merit discussion, especially because this Act may be reenacted in
an effort to comply with constitutional requirements.
We were troubled initially by the first provision of Section 8
providing that "any person . . . who intentionally, knowingly, or
recklessly fails to conform to any requirement of this Act, is
guilty of a Class A misdemeanor." Although Ill.Rev.Stat. ch. 38,
§ 4-4*fn13, defining "intent", and Ill.Rev.Stat. ch. 38, §
4-5*fn14, defining "knowledge", provide relatively clear
examples of proscribed conduct, we have serious doubt that
Ill.Rev.Stat. ch. 38, § 4-6*fn15, defining "recklessness", is
applicable to the term "recklessly fails to conform" as stated in
Section 8. While this may appear to be a mere semantic
difficulty, it should be cleared up to avoid a potential "void
for vagueness" problem. See, e.g., Grayned v. City of Rockford,
408 U.S. 104, 108-109, 92 S.Ct. 2294, 2298-2299, 33 L.Ed.2d 222
(1972) (impermissibly vague laws offend due process by not giving
a person of ordinary intelligence a reasonable opportunity to
know what is prohibited, by not giving those responsible for
enforcement explicit standards of applying them, and they operate
to inhibit the exercise of freedoms.) Since the "actual notice"
provision itself presents problems, as we discuss infra, the
standard of recklessly failing to conform to it compounds the
The second provision of SB 521's Section 8, regarding civil
actions against those who fail to provide persons with the
requisite information presents a far more serious impediment.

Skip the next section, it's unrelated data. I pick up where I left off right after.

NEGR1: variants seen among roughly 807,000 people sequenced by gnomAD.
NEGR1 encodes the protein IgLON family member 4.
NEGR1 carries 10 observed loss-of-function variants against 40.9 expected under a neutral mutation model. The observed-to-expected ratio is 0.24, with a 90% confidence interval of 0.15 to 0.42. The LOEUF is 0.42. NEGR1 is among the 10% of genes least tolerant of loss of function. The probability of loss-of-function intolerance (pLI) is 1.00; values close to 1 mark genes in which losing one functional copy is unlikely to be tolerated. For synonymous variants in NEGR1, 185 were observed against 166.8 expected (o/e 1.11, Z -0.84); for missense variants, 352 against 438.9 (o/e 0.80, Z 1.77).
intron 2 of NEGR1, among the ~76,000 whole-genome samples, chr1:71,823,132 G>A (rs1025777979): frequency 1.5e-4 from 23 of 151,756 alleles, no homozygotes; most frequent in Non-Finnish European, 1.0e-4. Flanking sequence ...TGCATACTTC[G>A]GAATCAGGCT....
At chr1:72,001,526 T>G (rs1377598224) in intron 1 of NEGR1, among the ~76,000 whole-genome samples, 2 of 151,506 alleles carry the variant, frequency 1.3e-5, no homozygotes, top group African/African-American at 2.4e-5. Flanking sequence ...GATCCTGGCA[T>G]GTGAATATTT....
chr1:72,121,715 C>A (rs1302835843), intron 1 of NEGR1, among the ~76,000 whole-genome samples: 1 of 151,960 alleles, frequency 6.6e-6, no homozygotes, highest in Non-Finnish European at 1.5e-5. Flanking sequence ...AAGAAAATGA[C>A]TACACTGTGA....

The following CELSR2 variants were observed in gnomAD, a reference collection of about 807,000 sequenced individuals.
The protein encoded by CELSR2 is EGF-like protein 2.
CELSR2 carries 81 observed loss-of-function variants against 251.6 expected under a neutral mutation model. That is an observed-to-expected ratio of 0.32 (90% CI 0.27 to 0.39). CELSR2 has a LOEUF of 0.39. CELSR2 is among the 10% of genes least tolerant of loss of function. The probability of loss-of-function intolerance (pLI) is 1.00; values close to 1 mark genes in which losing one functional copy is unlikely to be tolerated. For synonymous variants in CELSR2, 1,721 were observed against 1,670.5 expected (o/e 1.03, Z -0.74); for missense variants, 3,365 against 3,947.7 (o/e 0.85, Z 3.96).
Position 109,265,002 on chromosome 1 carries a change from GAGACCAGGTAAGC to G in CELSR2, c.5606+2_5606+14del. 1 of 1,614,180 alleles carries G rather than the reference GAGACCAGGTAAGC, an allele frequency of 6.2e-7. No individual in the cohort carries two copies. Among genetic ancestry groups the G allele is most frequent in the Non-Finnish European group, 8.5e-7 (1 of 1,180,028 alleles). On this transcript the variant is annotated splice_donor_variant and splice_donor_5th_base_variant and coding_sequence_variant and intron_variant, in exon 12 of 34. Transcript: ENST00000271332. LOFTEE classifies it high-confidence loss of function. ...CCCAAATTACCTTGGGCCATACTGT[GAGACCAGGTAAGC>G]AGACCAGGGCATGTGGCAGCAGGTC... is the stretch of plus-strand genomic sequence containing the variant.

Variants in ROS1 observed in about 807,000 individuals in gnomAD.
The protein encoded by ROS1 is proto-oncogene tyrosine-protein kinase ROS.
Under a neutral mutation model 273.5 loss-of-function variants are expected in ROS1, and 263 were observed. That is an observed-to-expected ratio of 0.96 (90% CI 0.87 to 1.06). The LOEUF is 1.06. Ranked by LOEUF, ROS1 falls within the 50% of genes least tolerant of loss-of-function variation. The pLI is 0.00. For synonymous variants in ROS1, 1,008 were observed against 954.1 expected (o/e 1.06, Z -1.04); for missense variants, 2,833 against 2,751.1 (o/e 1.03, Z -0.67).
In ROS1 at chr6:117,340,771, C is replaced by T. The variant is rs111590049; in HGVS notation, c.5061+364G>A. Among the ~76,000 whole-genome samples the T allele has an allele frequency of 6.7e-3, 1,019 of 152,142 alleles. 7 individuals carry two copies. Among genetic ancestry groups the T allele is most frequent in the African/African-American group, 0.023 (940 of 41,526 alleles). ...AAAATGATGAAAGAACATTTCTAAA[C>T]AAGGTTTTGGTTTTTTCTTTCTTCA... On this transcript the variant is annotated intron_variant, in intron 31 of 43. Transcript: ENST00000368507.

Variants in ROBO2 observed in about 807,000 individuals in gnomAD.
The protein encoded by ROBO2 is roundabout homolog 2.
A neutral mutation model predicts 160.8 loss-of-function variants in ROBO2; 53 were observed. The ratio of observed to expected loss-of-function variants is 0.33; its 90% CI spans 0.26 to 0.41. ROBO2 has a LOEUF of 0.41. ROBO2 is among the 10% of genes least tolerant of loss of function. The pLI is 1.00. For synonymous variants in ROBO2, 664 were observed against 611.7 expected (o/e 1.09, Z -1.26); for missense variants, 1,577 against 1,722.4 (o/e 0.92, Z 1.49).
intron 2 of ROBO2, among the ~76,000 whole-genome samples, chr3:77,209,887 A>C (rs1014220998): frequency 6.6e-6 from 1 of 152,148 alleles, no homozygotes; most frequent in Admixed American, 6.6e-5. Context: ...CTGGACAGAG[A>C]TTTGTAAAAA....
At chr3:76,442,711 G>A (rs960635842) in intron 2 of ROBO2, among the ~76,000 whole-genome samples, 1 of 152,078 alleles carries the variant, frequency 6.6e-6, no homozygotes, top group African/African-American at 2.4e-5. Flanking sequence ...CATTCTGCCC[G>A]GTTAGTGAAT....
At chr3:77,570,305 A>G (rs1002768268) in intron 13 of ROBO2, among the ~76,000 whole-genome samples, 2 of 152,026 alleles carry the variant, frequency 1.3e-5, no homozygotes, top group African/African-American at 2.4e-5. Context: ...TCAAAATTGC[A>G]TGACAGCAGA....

That paragraph states that failure to provide information is
"prima facie evidence of failure to obtain informed consent and
of interference with family relations" in a civil action and,
further, that "the law of this State shall not be construed to
preclude the award of exemplary damages" in appropriate civil
actions. (Emphasis added.) This language raises the possibility
of actions in which there are no compensatory damages and yet,
because of Section 8's wording, a plaintiff may be able to
recover punitive damages without compensatory damages, i.e.
without sustaining any actual damages at all!
Given the express language in the statute that Illinois law
should "not be construed to preclude the award of exemplary
damages," the above result might occur despite the well-settled
law in Illinois that punitive damages may not be awarded in the
absence of actual damages. See, e.g., Jones v. Reagan,
696 F.2d 551 (7th Cir. 1983); By-Prod Corp. v. Armen-Berry Co.,
668 F.2d 956 (7th Cir. 1982); Rhodes v. Uniroyal,
Inc., 101 Ill. App.3d 328, 56 Ill.Dec. 834, 427 N.E.2d 1380
(1981); Ochoa v. Maloney, 69 Ill. App.3d 689, 26 Ill.Dec. 22,
387 N.E.2d 852 (1979). Punitive damages should not go beyond
deterrence and become a windfall. See Lenard v. Argento,
699 F.2d 874 (7th Cir. 1983), cert. denied sub nom Argento Sansone v.
Lenard, ___ U.S. ___, 104 S.Ct. 69, 78 L.Ed.2d 84 (1983).
Additionally, it is equally well-established in Illinois that
punitive or exemplary damages may be awarded when torts are
committed with fraud, actual malice, deliberate violence, or when
the defendant acts willfully and with wanton disregard of the
rights of others. Carter v. Mueller, 120 Ill. App.3d 314, 75
Ill.Dec. 776, 457 N.E.2d 1335 (1983), citing Kelsay v. Motorola,
Inc., 74 Ill.2d 172, 23 Ill.Dec. 559, 384 N.E.2d 353 (1978). Cf.